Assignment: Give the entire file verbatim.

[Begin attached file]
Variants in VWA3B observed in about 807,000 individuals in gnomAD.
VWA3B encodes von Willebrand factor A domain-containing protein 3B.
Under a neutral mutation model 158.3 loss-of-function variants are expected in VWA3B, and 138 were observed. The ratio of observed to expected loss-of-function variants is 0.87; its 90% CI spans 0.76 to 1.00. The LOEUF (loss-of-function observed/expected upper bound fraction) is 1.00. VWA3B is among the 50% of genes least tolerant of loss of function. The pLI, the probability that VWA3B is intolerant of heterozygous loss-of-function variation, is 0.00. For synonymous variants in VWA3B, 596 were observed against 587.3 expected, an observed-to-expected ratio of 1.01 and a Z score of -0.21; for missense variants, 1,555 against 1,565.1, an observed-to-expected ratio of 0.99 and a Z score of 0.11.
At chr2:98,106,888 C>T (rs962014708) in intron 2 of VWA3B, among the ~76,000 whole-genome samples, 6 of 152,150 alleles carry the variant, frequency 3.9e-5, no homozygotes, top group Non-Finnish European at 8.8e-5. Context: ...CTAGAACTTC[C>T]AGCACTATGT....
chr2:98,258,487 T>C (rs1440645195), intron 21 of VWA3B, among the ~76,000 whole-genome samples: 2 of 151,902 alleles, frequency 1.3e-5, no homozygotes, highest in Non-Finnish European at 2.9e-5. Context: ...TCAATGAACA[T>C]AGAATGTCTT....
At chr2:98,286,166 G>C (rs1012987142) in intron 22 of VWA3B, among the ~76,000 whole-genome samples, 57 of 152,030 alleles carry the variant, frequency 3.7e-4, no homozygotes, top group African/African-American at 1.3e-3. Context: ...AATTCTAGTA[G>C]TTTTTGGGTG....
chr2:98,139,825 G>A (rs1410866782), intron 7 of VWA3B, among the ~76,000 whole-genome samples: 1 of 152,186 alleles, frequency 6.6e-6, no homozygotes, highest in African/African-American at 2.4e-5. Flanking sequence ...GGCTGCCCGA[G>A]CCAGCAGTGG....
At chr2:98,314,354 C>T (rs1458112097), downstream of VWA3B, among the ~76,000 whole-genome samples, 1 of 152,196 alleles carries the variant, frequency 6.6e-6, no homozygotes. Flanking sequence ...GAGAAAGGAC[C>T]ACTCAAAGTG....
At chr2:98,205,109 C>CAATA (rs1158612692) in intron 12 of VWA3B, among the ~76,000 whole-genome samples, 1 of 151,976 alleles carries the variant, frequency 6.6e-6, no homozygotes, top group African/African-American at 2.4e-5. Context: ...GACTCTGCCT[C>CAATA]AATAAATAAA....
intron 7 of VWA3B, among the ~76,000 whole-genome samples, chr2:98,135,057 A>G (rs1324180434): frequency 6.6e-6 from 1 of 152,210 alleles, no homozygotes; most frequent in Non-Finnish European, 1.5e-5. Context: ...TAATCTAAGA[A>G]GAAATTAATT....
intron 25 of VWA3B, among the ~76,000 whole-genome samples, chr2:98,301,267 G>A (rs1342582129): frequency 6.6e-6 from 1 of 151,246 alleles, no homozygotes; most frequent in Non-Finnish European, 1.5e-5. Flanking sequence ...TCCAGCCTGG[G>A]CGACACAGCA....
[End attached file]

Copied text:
Variants in VWA3B observed in about 807,000 individuals in gnomAD.
VWA3B encodes von Willebrand factor A domain-containing protein 3B.
Under a neutral mutation model 158.3 loss-of-function variants are expected in VWA3B, and 138 were observed. The ratio of observed to expected loss-of-function variants is 0.87; its 90% CI spans 0.76 to 1.00. The LOEUF (loss-of-function observed/expected upper bound fraction) is 1.00. VWA3B is among the 50% of genes least tolerant of loss of function. The pLI, the probability that VWA3B is intolerant of heterozygous loss-of-function variation, is 0.00. For synonymous variants in VWA3B, 596 were observed against 587.3 expected, an observed-to-expected ratio of 1.01 and a Z score of -0.21; for missense variants, 1,555 against 1,565.1, an observed-to-expected ratio of 0.99 and a Z score of 0.11.
At chr2:98,106,888 C>T (rs962014708) in intron 2 of VWA3B, among the ~76,000 whole-genome samples, 6 of 152,150 alleles carry the variant, frequency 3.9e-5, no homozygotes, top group Non-Finnish European at 8.8e-5. Context: ...CTAGAACTTC[C>T]AGCACTATGT....
chr2:98,258,487 T>C (rs1440645195), intron 21 of VWA3B, among the ~76,000 whole-genome samples: 2 of 151,902 alleles, frequency 1.3e-5, no homozygotes, highest in Non-Finnish European at 2.9e-5. Context: ...TCAATGAACA[T>C]AGAATGTCTT....
At chr2:98,286,166 G>C (rs1012987142) in intron 22 of VWA3B, among the ~76,000 whole-genome samples, 57 of 152,030 alleles carry the variant, frequency 3.7e-4, no homozygotes, top group African/African-American at 1.3e-3. Context: ...AATTCTAGTA[G>C]TTTTTGGGTG....
chr2:98,139,825 G>A (rs1410866782), intron 7 of VWA3B, among the ~76,000 whole-genome samples: 1 of 152,186 alleles, frequency 6.6e-6, no homozygotes, highest in African/African-American at 2.4e-5. Flanking sequence ...GGCTGCCCGA[G>A]CCAGCAGTGG....
At chr2:98,314,354 C>T (rs1458112097), downstream of VWA3B, among the ~76,000 whole-genome samples, 1 of 152,196 alleles carries the variant, frequency 6.6e-6, no homozygotes. Flanking sequence ...GAGAAAGGAC[C>T]ACTCAAAGTG....
At chr2:98,205,109 C>CAATA (rs1158612692) in intron 12 of VWA3B, among the ~76,000 whole-genome samples, 1 of 151,976 alleles carries the variant, frequency 6.6e-6, no homozygotes, top group African/African-American at 2.4e-5. Context: ...GACTCTGCCT[C>CAATA]AATAAATAAA....
intron 7 of VWA3B, among the ~76,000 whole-genome samples, chr2:98,135,057 A>G (rs1324180434): frequency 6.6e-6 from 1 of 152,210 alleles, no homozygotes; most frequent in Non-Finnish European, 1.5e-5. Context: ...TAATCTAAGA[A>G]GAAATTAATT....
intron 25 of VWA3B, among the ~76,000 whole-genome samples, chr2:98,301,267 G>A (rs1342582129): frequency 6.6e-6 from 1 of 151,246 alleles, no homozygotes; most frequent in Non-Finnish European, 1.5e-5. Flanking sequence ...TCCAGCCTGG[G>A]CGACACAGCA....